A few months back, I watched the documentary ‘Fat, Sick and Nearly Dead‘ – which followed an overweight man as he completed a 60-day juice fast to gain back his health.
The film showed Joe Cross as he travelled around the U.S., subsisting purely on fruit and vegetable juice for all three meals a day. Admittedly, the day after I watched it, I set out to juice. I didn’t own a juicer so I opted to pile my fruits and veggies into a blender with water and puree until it was drinkable. I was expecting worse, but the taste was actually pretty good. And the fiber kept me full for a surprising amount of time.
But how long did my juice fast last? About two meals. I started craving ‘real foods,’ which meant my juicing experience was short-lived. But, for others, they see it as worth staying the course.
According to a recent article on MSN Health there’s been a recent surge in juice fasting as a means of get-thin-quick dieting – something we don’t view as a healthy approach to weight loss. This view was only further solidified after speaking with DietsInReview.com’s registered dietitian, Mary Hartley, RD. (more…)
We’ve talked about juicing and its proposed health benefits before on Diets in Review in our Beginner’s Guide to Juicing articles ‘How to Make Fresh Juice’ and ‘The Benefits of Fresh Juice.’ And again in our story on the documentary ‘Fat, Sick and Nearly Dead,’ which follows a man on a 60-day, cross-country juice-fast for his health and weight loss. But with so many people singing the praises of this health trend, perhaps it’s time to stop and consider whether or not juicing is a healthy option for everyone.
According to a recent article from USA Today, when done properly, juicing can provide a flurry of health benefits for the vitamins, minerals, and antioxidants it provides. And it encourages us to reach for fresh fruits and vegetables instead of sugary drinks and fattening foods. However, it noted that juicing should not be a long-term diet solution as it doesn’t provide our bodies with all of the food it needs. And that individuals suffering from conditions like diabetes, kidney disease and iron deficiencies are not prime candidates for juicing because of the way it affects the body post digestion. (more…)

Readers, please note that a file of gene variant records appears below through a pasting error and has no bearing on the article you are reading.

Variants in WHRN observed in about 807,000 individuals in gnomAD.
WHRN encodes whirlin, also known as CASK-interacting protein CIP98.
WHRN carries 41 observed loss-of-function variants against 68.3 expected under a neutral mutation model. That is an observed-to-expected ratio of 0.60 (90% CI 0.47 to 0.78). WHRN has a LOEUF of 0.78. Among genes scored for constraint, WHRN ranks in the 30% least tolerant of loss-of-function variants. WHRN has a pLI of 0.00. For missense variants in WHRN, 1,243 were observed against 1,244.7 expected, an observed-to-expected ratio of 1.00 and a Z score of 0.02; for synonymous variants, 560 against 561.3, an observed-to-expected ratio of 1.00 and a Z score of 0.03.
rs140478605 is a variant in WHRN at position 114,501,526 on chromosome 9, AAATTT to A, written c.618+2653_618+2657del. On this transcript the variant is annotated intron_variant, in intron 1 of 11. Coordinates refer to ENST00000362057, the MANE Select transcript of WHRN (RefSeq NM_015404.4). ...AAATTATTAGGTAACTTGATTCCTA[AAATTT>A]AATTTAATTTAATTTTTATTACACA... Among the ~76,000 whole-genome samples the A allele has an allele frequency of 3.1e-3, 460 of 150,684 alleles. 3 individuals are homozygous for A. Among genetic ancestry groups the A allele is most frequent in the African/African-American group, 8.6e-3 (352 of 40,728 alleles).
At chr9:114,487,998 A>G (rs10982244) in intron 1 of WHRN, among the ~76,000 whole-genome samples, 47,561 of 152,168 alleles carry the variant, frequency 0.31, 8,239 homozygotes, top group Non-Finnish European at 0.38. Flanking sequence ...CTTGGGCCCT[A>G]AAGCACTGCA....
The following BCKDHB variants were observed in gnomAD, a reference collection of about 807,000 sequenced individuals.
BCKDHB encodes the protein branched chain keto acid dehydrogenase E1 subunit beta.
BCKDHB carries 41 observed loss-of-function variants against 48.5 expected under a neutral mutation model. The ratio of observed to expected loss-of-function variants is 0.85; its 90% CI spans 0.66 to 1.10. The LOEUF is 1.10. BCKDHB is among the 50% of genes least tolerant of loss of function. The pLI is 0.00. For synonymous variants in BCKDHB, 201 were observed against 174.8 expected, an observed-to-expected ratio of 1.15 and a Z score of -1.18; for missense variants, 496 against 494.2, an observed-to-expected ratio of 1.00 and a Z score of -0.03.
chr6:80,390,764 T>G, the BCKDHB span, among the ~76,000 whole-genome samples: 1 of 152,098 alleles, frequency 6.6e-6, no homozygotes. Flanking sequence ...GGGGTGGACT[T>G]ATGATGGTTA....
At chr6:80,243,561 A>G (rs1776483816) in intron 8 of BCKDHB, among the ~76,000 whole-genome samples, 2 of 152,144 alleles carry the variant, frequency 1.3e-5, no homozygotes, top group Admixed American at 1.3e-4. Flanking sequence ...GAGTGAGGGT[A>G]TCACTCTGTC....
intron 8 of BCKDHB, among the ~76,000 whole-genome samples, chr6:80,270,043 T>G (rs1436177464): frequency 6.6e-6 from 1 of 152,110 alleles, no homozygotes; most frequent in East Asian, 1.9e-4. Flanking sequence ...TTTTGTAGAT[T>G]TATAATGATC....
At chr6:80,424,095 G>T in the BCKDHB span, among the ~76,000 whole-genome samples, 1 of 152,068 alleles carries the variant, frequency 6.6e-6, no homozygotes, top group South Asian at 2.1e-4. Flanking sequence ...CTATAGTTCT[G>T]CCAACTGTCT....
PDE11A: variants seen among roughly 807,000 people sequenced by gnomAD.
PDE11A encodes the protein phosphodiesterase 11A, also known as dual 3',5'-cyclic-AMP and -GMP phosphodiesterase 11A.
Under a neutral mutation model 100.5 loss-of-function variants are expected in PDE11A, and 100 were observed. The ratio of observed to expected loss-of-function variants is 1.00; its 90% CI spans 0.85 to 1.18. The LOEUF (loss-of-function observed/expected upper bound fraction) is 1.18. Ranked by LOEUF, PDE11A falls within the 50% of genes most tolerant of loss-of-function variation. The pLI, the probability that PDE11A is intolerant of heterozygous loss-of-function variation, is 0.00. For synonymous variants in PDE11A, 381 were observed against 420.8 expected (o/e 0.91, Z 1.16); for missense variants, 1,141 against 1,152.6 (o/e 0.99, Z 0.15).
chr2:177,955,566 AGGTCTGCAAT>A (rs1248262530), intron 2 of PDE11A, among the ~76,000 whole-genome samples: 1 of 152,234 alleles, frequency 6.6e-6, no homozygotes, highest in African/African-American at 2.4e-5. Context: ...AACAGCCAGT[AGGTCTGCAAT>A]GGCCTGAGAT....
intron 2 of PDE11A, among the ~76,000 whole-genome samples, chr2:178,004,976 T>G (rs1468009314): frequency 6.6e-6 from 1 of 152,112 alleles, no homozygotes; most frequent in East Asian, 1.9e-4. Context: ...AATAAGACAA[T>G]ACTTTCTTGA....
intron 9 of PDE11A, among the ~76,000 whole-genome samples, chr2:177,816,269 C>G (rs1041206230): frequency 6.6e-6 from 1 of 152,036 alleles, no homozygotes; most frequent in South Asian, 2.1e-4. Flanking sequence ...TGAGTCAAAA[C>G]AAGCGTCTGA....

If you’re thinking of starting a juice regimen, it’s important to make informed decisions about your new diet. If you’re planning on replacing your meals with juice, you should first check with a doctor or health care provider to ensure that your new regimen is safe for your body.
However, if you are thinking about adding juice to your existing diet to up your fruit and vegetable intake, we have some tips to help you get started.
Know the importance of buying organic. According to Cherie Calbom, MS, author of The Juice Lady’s Turbo Diet and Juicing for Life, it’s very important to know what vegetables and fruit are the most heavily sprayed and which ones are the cleanest. “Not everything has to be organic, but the most heavily sprayed produce should always be organic,” said Calbom. “Otherwise, it may not be safe to use. Familiarize yourself with the most heavily sprayed produce, known as the ‘dirty dozen’ and shop accordingly.”
Unlike conventional juices that are often processed with a lot of added sugar, fresh juicing involves creating nutrient-rich juices out of your favorite fruits and vegetables.
“Before you begin any juice regiment, it’s important to understand why juice is important for your health,” said Cherie Calbom, MS, author of The Juice Lady’s Turbo Diet and Juicing for Life. “When you understand the many health benefits of fresh juice, you’ll be much more inclined to take the time to make fresh juice.”